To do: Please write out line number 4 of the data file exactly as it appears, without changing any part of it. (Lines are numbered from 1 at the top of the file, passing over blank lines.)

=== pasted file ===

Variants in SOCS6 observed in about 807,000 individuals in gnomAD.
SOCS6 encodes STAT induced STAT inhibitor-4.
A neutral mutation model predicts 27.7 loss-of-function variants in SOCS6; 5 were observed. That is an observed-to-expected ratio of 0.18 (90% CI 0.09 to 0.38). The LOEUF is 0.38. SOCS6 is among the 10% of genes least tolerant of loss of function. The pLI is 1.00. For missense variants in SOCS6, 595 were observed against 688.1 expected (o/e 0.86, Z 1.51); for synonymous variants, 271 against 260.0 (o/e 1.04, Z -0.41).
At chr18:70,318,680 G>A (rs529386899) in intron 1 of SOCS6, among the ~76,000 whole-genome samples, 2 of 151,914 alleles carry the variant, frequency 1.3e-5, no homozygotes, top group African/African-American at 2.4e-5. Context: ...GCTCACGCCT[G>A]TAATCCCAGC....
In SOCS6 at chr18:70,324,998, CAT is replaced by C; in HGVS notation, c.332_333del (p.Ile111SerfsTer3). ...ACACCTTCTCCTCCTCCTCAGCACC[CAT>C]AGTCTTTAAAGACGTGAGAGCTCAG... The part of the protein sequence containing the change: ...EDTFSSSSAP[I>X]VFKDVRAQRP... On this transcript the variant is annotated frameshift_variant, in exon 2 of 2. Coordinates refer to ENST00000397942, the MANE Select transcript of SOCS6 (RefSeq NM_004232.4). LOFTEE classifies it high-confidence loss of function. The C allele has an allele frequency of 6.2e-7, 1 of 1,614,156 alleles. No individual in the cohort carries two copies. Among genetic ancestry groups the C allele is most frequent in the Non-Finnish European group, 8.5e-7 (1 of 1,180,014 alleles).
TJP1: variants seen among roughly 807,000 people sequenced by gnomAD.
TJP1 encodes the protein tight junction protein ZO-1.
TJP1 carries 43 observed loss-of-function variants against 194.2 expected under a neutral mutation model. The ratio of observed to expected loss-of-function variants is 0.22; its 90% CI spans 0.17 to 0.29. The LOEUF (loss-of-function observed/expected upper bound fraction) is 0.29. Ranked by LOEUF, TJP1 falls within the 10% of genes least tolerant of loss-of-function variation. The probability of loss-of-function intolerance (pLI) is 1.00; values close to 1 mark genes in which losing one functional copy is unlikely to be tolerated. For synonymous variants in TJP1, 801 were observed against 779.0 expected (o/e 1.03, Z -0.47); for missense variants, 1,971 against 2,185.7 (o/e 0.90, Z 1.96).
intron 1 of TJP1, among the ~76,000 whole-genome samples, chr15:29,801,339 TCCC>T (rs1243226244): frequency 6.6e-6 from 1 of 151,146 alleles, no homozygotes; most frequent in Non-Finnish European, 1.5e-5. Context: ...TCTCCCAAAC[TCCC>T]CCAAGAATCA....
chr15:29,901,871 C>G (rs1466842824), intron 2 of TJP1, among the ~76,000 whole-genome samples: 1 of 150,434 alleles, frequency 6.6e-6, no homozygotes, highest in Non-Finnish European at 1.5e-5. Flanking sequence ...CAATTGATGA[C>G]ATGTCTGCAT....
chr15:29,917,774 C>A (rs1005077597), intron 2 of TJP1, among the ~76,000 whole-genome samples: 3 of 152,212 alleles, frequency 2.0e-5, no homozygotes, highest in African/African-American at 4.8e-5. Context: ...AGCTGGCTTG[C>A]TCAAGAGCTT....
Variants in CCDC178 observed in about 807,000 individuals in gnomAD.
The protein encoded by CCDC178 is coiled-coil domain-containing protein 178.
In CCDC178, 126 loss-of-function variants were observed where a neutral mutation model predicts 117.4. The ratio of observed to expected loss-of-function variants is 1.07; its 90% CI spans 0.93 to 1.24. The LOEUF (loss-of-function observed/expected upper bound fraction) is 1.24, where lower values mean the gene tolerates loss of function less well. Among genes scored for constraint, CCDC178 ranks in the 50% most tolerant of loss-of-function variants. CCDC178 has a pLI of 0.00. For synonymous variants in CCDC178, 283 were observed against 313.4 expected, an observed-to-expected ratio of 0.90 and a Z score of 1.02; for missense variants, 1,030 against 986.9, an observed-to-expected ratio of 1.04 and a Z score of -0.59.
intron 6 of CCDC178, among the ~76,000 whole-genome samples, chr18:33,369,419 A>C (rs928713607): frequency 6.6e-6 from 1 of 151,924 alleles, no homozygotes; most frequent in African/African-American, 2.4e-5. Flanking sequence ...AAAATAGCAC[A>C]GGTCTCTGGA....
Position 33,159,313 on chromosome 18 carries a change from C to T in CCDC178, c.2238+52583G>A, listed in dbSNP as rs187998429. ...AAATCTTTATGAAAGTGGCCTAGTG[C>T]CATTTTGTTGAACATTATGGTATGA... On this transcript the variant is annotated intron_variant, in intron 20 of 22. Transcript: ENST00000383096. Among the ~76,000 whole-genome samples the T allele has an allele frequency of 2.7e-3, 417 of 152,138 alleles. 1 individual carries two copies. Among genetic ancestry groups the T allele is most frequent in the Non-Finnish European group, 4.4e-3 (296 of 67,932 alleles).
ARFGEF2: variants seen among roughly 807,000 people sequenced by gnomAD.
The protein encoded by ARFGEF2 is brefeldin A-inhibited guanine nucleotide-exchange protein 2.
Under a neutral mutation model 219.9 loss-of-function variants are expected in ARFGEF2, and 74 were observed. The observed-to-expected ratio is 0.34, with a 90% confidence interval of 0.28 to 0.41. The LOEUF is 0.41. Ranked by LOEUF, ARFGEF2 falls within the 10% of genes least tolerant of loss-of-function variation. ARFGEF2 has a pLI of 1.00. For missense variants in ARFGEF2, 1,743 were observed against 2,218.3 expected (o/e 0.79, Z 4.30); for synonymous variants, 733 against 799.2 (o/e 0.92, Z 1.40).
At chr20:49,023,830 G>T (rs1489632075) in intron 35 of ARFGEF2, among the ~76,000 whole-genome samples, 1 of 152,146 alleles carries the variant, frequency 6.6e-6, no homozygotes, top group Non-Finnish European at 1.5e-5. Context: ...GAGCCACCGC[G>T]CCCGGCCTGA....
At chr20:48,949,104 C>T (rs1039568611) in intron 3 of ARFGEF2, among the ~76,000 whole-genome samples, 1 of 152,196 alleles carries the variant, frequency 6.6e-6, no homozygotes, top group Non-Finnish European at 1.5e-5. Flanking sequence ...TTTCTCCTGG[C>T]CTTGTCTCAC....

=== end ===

At chr18:70,318,680 G>A (rs529386899) in intron 1 of SOCS6, among the ~76,000 whole-genome samples, 2 of 151,914 alleles carry the variant, frequency 1.3e-5, no homozygotes, top group African/African-American at 2.4e-5. Context: ...GCTCACGCCT[G>A]TAATCCCAGC....